Data backups: One of the most reliable backup methods is to use an external storage device and keep it unplugged. Copy your data to an external hard drive, flash (thumb) drive, SSD, HDD, or any other storage device, unplug it and store it in a dry place away from the sun and extreme temperatures. This method is, however, quite inefficient, since data backups and updates need to be made regularly. You can also use a cloud service or remote server. Here, an internet connection is required and there is always the chance of a security breach, although it's a really rare occasion.
We recommend using Microsoft OneDrive for backing up your files. OneDrive lets you store your personal files and data in the cloud, sync files across computers and mobile devices, allowing you to access and edit your files from all of your Windows devices. OneDrive lets you save, share and preview files, access download history, move, delete, and rename files, as well as create new folders, and much more.
You can back up your most important folders and files on your PC (your Desktop, Documents, and Pictures folders). Some of OneDrive’s more notable features include file versioning, which keeps older versions of files for up to 30 days. OneDrive features a recycling bin in which all of your deleted files are stored for a limited time. Deleted files are not counted as part of the user’s allocation.
The service is built using HTML5 technologies and allows you to upload files up to 300 MB via drag and drop into the web browser or up to 10 GB via the OneDrive desktop application. With OneDrive, you can download entire folders as a single ZIP file with up to 10,000 files, although it can’t exceed 15 GB per single download.
OneDrive comes with 5 GB of free storage out of the box, with an additional 100 GB, 1 TB, and 6 TB storage options available for a subscription-based fee. You can get one of these storage plans by either purchasing additional storage separately or with Office 365 subscription.
Creating a data backup:
The backup process is the same for all file types and folders. Here’s how you can back up your files using Microsoft OneDrive
Step 1: Choose the files/folders you want to backup.
Click the OneDrive cloud icon to open the OneDrive menu. While in this menu, you can customize your file backup settings.
Click Help & Settings and then select Settings from the drop-down menu.
Go to the Backup tab and click Manage backup.
In this menu, you can choose to backup the Desktop and all of the files on it, and Documents and Pictures folders, again, with all of the files in them. Click Start backup.
Now, when you add a file or folder in the Desktop and Documents and Pictures folders, they will be automatically backed up on OneDrive.
To add folders and files, not in the locations shown above, you have to add them manually.
Open File Explorer and navigate to the location of the folder/file you want to backup. Select the item, right-click it, and click Copy.
Then, navigate to OneDrive, right-click anywhere in the window and click Paste. Alternatively, you can just drag and drop a file into OneDrive. OneDrive will automatically create a backup of the folder/file.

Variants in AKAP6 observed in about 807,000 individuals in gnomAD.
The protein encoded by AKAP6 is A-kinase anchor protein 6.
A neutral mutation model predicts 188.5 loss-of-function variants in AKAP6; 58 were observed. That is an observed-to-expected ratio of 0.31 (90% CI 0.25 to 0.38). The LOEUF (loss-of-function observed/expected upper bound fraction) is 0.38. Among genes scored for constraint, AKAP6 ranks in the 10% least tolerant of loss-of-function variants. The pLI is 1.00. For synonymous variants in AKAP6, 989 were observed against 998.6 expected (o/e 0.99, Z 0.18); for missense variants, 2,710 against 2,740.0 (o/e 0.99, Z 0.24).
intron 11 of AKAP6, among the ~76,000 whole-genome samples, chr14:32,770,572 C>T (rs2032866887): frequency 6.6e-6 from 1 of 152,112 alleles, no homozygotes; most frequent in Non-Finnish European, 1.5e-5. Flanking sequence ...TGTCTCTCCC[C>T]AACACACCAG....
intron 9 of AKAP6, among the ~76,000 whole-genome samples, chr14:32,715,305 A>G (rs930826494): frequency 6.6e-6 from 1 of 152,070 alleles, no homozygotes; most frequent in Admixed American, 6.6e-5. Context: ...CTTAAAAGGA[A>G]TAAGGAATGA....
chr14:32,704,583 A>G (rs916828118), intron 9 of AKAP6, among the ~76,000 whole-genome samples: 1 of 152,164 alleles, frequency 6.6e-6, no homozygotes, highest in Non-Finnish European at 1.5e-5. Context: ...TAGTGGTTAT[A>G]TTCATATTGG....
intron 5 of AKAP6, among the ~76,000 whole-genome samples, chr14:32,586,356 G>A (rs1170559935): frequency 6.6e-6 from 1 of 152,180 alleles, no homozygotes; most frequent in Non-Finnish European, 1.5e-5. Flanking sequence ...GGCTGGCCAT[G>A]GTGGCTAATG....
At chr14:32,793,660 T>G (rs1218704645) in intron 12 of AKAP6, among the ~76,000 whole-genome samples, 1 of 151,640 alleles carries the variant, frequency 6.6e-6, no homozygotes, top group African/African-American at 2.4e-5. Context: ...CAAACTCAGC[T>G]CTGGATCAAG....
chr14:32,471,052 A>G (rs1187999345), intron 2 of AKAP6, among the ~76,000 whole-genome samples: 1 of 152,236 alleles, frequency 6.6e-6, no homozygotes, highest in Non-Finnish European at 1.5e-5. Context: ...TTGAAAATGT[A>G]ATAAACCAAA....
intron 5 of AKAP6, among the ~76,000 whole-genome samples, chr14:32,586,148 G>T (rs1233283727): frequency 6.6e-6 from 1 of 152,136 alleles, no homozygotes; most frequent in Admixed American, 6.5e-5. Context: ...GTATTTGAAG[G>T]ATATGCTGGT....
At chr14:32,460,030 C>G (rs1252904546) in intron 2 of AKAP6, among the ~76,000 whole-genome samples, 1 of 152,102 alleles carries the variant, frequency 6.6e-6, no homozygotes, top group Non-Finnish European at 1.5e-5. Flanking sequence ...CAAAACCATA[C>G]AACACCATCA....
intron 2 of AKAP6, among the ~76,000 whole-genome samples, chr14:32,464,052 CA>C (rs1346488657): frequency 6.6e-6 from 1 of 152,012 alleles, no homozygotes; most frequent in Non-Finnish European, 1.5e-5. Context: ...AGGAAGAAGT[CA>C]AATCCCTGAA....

All of the files added to the OneDrive folder are backed up in the cloud automatically. The green circle with the checkmark in it indicates that the file is available both locally and on OneDrive and that the file version is the same on both. The blue cloud icon indicates that the file has not been synced and is available only on OneDrive. The sync icon indicates that the file is currently syncing.
To access files only located on OneDrive online, go to the Help & Settings drop-down menu and select View online.
Step 2: Restore corrupted files.
OneDrive makes sure that the files stay in sync, so the version of the file on the computer is the same version on the cloud. However, if ransomware has encrypted your files, you can take advantage of OneDrive’s Version history feature that will allow you to restore the file versions prior to encryption.
Microsoft 365 has a ransomware detection feature that notifies you when your OneDrive files have been attacked and guide you through the process of restoring your files. It must be noted, however, that if you don’t have a paid Microsoft 365 subscription, you only get one detection and file recovery for free.
If your OneDrive files get deleted, corrupted, or infected by malware, you can restore your entire OneDrive to a previous state. Here’s how you can restore your entire OneDrive:
1. If you're signed in with a personal account, click the Settings cog at the top of the page. Then, click Options and select Restore your OneDrive.
If you're signed in with a work or school account, click the Settings cog at the top of the page. Then, click Restore your OneDrive.
2. On the Restore your OneDrive page, select a date from the drop-down list. Note that if you're restoring your files after automatic ransomware detection, a restore date will be selected for you.
3. After configuring all of the file restoration options, click Restore to undo all the activities you selected.
The best way to avoid damage from ransomware infections is to maintain regular up-to-date backups.